Thursday, February 9, 2012

The Line Item Veto Is Back!

With a vengeance!

Yesterday, the House of Representatives passed--by a vote of 254 to 173--the Expedited Legislative Line-Item Veto and Rescissions Act of 2011. The bill would give the President a pseudo-kind of line item veto power: after the President received a spending bill, he would--under this legislation--have some 45 days to propose specific cuts. Congress would then be required to have up or down votes on each proposal.

It sounds kind of complicated, but the basic idea is that given these circumstances, legislators would be less likely to load up bills with pork, since specific bits could be targeted and exposed to public scrutiny. In the past, Representative Bellweather of Big Tobacco State might--because of the committee he is on--put a provision into a spending bill that grants his state twenty million dollars to fund the Chewing Tobacco Hall of Fame. It would be buried deep in the bill and other Reps wouldn't talk much about it, for fear that their own pet projects might be exposed.

If this bill becomes law, then it would be the President who could expose Bellweather's special project. The President could ask for it to be cut and then Congress would actually have to vote on that specific provision alone. And the bonus: cuts in spending are automatically applied to deficit reduction.

It should come as no surprise that this bill's sponsor is Paul Ryan. Nor should it be all that shocking who many of the co-sponsors are, for those that keep tabs on this sort of stuff. But here's something that's surprising: passage of the bill was truly bipartisan (not that pretend bipartisan, where two members of the other party cross  over), which means--of course--that so was the opposition. 157 Republicans voted for the bill, 41 opposed it. 57 Democrats voted for it, 132 voted against it. That's pretty, maybe the most cooperation we've seen in Congress in seven or more years. Wonder where your Rep was on this? Here are the votes.

Interestingly enough, even though most Democrats voted against the bill, the Administration supports it:
The White House, in a statement, said it "strongly supports" passage of the bill, praising it for "helping to eliminate unnecessary spending and discouraging waste." It said the bill was similar to a line-item veto proposal that Obama sent to Congress in May, 2010.
Which brings us to the criticism of the bill: the idea that it gives the President too much power and/or that it's Unconstitutional on its face. But Ryan was very clever, with regard to the last. This bill was crafted to specifically avoid the problems the 1996 line item veto bill encountered (and ultimately led to the SCOTUS declaring it unconstitutional). The Court found that the Line Item Veto Act of 1996 allowed the President to essentially nullify acts of Congress. In Ryan's version, the President can only question specific items; it falls to Congress to remove or keep them.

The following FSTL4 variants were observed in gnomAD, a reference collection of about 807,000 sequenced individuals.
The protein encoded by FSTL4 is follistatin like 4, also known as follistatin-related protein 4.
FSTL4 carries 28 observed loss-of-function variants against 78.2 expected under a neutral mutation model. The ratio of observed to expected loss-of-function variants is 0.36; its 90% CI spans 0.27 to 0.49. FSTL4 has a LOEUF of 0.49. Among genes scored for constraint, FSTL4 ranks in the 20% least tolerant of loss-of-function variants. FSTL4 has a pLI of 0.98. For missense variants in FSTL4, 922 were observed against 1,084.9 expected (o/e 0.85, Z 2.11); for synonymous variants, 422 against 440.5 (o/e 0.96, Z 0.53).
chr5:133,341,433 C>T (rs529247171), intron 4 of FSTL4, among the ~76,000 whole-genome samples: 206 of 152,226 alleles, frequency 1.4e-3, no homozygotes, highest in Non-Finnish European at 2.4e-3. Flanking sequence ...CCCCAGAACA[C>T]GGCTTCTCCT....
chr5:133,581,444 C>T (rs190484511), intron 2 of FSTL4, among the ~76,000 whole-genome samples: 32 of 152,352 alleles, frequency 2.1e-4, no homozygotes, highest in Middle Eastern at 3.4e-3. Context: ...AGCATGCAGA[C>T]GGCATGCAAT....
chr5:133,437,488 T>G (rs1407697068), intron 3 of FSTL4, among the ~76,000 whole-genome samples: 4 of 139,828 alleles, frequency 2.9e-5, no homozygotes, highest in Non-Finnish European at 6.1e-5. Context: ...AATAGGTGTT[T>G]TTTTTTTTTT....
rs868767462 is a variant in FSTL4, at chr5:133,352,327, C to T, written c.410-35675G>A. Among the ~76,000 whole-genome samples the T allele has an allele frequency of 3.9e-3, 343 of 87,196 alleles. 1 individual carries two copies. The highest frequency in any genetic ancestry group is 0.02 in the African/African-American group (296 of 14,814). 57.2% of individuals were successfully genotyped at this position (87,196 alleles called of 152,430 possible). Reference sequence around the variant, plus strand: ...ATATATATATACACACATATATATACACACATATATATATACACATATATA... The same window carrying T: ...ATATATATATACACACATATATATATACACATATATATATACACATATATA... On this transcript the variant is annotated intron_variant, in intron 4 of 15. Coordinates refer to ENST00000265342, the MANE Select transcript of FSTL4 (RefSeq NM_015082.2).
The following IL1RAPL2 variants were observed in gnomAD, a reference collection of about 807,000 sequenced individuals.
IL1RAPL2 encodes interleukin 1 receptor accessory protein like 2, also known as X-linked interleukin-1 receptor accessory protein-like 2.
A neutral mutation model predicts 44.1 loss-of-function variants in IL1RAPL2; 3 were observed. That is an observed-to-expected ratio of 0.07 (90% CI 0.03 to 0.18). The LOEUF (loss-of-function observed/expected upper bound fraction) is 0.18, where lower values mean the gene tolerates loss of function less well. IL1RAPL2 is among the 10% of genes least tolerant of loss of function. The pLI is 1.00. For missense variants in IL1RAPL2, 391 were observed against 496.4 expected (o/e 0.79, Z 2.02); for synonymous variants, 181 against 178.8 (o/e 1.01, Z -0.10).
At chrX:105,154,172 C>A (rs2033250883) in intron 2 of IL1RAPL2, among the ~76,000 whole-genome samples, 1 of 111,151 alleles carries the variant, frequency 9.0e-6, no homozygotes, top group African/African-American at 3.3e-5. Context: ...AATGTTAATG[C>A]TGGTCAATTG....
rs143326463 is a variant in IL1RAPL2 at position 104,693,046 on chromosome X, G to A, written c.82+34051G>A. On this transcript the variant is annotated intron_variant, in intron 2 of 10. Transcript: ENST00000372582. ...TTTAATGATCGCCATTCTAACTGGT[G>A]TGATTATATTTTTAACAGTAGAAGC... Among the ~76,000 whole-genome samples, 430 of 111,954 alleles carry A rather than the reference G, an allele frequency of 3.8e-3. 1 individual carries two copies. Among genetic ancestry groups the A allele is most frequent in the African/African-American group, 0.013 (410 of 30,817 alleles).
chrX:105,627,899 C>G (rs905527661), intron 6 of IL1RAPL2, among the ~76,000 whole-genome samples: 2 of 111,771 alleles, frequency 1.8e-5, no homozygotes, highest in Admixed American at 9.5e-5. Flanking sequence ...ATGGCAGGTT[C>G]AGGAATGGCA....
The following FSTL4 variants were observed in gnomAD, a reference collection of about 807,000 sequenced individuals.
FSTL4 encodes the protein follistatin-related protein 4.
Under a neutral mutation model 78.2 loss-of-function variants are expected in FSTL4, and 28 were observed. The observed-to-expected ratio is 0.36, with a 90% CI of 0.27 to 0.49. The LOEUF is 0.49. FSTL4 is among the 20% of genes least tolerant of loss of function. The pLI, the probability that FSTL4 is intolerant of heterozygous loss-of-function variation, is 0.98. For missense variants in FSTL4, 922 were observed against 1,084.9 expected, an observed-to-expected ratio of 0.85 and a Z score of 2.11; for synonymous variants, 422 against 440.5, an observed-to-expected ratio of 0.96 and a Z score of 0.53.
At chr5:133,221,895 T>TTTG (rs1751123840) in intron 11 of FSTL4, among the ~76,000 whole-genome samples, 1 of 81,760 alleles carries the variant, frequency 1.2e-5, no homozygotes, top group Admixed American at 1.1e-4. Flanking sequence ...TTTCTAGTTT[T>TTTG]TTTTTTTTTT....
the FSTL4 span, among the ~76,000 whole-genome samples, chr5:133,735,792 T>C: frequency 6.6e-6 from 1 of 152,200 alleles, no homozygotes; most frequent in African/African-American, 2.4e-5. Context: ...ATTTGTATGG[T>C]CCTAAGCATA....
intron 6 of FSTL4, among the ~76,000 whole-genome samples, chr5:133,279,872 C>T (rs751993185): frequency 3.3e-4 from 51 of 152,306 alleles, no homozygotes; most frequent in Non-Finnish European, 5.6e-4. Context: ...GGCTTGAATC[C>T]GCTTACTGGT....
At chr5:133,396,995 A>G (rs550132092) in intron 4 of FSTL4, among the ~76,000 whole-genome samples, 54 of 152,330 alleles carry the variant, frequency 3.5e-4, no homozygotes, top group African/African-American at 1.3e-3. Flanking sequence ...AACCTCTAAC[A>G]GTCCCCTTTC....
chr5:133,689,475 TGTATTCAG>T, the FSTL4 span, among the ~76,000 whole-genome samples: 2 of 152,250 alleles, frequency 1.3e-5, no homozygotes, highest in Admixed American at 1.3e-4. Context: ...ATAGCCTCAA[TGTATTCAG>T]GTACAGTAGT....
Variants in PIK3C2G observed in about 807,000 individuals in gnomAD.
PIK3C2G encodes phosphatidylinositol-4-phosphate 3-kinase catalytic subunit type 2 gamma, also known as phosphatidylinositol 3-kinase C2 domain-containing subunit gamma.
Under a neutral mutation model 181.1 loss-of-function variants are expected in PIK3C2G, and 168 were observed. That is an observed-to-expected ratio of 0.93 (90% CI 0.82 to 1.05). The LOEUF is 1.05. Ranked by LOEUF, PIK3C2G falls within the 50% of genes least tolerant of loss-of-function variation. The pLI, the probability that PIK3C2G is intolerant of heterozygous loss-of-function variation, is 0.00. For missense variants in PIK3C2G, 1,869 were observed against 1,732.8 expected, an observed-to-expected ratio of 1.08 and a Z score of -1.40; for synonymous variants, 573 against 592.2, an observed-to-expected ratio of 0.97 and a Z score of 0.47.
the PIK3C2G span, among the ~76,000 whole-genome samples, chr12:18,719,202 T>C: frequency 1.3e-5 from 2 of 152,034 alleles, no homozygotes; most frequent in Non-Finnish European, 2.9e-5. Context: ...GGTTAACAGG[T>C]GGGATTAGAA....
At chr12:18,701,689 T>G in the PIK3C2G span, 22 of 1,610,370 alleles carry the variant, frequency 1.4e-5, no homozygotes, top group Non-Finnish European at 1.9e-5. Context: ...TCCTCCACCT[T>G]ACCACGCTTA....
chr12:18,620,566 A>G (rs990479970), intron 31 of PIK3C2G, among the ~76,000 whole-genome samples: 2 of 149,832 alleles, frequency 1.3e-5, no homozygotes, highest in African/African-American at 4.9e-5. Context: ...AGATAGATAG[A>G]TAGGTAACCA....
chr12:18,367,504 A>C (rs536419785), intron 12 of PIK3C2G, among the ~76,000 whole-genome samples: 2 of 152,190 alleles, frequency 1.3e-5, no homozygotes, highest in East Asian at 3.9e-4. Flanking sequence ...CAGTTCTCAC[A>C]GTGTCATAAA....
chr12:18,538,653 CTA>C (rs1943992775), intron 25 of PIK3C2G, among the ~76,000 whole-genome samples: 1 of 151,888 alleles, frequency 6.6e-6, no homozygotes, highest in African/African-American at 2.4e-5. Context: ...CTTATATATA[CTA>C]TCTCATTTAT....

As to the idea that the bill gives the President more power, there is little question that this is true. Audrey Hudson at Human Events details some of the negative reactions to this expansion:
[Hal] Rogers warned that the bill would weaken powers that the founding fathers gave Congress over the executive branch, particularly the “power of the purse.” 
[Norman] Dicks said Congress would make a “serious mistake” if they gave any president the line-item veto authority. 
“You are transferring it to a monarchy,” said Rep. Don Young of Alaska, one of the highest-ranking Republicans in the House. “Shame on you, shame on you!”
But these objections fail to account for the trap Ryan has cleverly set for the President and Congress: cutting specific programs means cutting overall spending, period. The bill--if its current form passes the Senate and is signed into law--forces the government to justify expenditures as necessary and prevents it from going back and spending cut monies somewhere else. It forces the government to budget its expenditures, something that it has always had--in my opinion--a fiduciary obligation to do, but simply has never done.

Of course, the bill still has to get through the Senate, and as we all know it's hard to find a more wretched hive of scum and villainy, anywhere. Aside from the UN, of course.

Cheers, all.

1 comment:

  1. It is a real shame (even if understandable at this point) that Ryan decided not to run this cycle. The man is extremely impressive when he talks economics. And he isn't as extreme as Paul, for example (I'll disregard Paul's views on FP for a sec :) )